LTCcovid Country Profiles

Responses to 3.03. Monitoring Covid-19 impacts in the Long-Term Care sector: data and information systems

The LTCcovid International Living report is a “wiki-style” report addressing 68 questions on characteristics of Long-Term Care (LTC) systems, impacts of COVID-19 on LTC, measures adopted to mitigate these impacts and new reforms countries are adopting to address structural problems in LTC systems and to improved preparedness for future events. It is compiled and updated voluntarily by experts on LTC all over the world. Members of the Social Care COVID-19 Resilience and Recovery project are moderating the entries and editing as needed.

The report can be read by question/topic (below) or by country: COVID-19 and Long-Term Care country profiles.


To cite this report (please note the date in which it was consulted as the contents changes over time):

Comas-Herrera A, Marczak J, Byrd W, Lorenz-Dant K, Patel D, Pharoah D (eds.) and LTCcovid contributors. LTCcovid International living report on COVID-19 and Long-Term Care. LTCcovid, Care Policy & Evaluation Centre, London School of Economics and Political Science. https://doi.org/10.21953/lse.mlre15e0u6s6

Copyright is with the LTCCovid and Care Policy and Evaluation Centre, LSE.


 

The Department of Health publishes weekly traffic light reports of the COVID-19 situation across Australia, which includes details about cases, testing, and capacity nationwide and in individual states. Specific systems have been developed in individual states. For example, the Victorian Aged Care Response Centre brings together Commonwealth and Victorian state government agencies in a coordinated effort to manage the impact of the COVID-19 pandemic in aged care facilities.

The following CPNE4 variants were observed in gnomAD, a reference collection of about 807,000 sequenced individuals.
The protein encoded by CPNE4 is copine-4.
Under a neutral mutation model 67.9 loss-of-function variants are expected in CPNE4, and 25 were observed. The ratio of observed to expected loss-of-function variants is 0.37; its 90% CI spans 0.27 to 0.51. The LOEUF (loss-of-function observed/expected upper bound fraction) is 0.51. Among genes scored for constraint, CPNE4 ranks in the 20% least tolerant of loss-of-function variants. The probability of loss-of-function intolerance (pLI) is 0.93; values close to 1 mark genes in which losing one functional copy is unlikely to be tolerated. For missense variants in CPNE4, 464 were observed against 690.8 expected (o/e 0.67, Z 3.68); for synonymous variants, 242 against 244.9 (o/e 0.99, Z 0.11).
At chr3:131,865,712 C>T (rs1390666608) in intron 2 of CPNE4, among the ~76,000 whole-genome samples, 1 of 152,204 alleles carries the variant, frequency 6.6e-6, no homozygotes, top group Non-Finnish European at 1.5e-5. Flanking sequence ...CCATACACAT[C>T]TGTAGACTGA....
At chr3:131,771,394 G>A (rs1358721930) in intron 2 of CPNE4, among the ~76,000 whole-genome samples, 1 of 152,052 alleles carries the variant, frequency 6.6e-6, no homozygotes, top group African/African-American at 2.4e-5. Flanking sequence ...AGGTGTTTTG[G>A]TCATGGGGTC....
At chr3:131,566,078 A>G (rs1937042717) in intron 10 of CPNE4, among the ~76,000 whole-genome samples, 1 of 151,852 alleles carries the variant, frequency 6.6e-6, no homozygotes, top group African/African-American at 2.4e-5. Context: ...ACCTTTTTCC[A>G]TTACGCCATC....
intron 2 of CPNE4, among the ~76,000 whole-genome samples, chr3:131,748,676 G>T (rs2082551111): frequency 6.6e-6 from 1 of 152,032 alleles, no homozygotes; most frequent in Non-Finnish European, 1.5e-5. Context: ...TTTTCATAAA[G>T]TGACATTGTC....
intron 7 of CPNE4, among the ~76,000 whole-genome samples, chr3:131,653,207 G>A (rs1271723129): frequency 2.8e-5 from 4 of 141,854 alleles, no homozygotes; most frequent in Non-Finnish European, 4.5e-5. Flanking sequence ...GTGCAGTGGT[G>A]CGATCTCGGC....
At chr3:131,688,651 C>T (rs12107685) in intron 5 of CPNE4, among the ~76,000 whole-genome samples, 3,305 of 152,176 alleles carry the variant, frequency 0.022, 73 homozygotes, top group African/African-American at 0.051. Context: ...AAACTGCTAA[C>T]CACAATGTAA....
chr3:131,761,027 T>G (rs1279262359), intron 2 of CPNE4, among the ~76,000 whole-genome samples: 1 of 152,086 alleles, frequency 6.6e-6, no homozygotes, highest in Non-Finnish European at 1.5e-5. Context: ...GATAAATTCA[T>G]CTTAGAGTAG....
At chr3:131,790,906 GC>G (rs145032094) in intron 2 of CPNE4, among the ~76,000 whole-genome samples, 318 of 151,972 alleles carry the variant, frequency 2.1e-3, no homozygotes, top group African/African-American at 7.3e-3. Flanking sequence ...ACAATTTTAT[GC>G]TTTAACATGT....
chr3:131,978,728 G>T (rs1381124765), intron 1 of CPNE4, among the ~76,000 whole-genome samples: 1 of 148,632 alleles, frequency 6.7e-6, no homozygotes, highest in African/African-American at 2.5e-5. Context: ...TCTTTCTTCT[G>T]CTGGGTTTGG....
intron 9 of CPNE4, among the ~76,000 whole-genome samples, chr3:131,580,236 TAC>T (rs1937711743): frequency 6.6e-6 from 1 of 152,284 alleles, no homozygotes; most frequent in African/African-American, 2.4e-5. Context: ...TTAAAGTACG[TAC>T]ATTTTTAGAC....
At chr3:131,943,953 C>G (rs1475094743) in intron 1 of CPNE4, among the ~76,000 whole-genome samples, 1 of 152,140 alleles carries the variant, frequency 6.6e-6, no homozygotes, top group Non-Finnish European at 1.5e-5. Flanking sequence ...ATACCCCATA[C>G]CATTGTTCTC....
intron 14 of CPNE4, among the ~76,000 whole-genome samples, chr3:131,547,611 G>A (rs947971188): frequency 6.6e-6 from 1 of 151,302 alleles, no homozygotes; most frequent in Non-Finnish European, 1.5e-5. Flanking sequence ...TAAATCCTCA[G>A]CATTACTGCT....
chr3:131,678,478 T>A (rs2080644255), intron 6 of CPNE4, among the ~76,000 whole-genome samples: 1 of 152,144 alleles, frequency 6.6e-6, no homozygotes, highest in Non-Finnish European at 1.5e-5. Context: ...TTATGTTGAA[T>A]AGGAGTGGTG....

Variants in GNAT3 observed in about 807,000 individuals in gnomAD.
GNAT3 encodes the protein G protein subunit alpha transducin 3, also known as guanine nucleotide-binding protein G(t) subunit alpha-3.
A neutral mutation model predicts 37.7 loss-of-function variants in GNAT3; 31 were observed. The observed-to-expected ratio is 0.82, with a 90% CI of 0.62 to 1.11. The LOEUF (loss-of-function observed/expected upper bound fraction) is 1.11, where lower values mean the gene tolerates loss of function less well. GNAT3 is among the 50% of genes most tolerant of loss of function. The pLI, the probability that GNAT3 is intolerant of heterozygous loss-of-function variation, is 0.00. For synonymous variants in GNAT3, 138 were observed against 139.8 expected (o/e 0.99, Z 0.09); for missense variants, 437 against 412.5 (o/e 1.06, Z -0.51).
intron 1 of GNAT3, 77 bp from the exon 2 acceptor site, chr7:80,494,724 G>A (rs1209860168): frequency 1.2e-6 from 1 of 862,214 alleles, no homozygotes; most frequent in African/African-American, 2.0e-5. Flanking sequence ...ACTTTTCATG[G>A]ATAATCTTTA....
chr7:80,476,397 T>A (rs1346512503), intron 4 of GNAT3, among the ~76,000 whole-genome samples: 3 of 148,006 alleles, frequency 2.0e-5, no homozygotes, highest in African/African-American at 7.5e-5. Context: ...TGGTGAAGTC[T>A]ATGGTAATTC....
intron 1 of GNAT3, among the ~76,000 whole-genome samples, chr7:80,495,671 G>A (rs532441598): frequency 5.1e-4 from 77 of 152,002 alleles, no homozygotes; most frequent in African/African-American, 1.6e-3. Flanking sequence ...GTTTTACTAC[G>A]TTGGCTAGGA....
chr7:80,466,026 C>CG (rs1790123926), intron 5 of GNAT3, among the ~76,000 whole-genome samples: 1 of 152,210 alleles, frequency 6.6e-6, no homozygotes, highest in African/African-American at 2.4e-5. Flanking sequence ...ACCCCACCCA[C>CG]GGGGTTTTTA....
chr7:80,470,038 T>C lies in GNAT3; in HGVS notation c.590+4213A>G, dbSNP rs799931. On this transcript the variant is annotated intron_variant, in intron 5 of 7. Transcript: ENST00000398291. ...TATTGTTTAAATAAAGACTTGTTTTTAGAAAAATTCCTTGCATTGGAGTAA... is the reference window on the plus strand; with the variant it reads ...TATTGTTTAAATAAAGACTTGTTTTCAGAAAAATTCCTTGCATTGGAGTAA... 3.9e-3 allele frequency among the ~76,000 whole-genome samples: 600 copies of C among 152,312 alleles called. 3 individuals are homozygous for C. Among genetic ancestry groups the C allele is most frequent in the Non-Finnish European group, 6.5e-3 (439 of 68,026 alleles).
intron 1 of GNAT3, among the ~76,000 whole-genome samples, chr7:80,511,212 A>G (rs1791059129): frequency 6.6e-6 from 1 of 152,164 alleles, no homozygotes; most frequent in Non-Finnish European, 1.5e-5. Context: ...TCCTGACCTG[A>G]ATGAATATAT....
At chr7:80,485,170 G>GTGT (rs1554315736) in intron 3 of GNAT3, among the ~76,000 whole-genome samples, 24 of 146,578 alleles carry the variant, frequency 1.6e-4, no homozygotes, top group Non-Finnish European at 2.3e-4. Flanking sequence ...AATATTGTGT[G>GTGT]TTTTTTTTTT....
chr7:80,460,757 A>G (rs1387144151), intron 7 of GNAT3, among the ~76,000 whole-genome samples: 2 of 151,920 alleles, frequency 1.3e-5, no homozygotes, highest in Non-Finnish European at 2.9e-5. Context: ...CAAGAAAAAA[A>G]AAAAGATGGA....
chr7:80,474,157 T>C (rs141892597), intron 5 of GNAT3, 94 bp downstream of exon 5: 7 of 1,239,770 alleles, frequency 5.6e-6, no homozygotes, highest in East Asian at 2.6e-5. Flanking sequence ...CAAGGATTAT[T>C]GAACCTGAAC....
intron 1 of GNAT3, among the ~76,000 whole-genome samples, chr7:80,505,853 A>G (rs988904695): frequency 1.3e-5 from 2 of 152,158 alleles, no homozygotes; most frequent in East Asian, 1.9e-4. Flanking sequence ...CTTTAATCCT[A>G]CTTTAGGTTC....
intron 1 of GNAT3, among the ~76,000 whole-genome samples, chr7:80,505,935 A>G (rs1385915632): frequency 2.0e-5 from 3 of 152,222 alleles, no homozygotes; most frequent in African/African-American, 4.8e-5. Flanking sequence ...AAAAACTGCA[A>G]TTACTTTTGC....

Last updated: December 22nd, 2021


Limitations in accessing basic LTC and assisted living sector data, including human resources and expense data, created challenges in implementing COVID-19 policy and operational support initiatives (Source: https://news.gov.bc.ca/files/1.25.2021_LTC_COVID-19_Response_Review.pdf). LTC operators reported “spending hundreds of extra hours to respond to requests for reporting and additional inspections over the course of the pandemic” and many providers found these requests to be overwhelming. But the government saw this information as essential to evaluate how LTC sector was doing throughout COVID-19 and what further assistance/support was needed.

Last updated: November 6th, 2021


Weekly data on LTC and COVID-19 is published online.

Last updated: September 9th, 2021


Finland has very good data through its health and social care registers, both in terms of data and coverage. However, during the pandemic up-to-date data on, for example, deaths in care homes and among home care clients was not available. This is in part because, in order to guarantee the quality of the data, the registers take a substantial amount of time to be updated. Statistics Finland stepped in to publish preliminary data on deaths.

Source:

Last updated: November 9th, 2021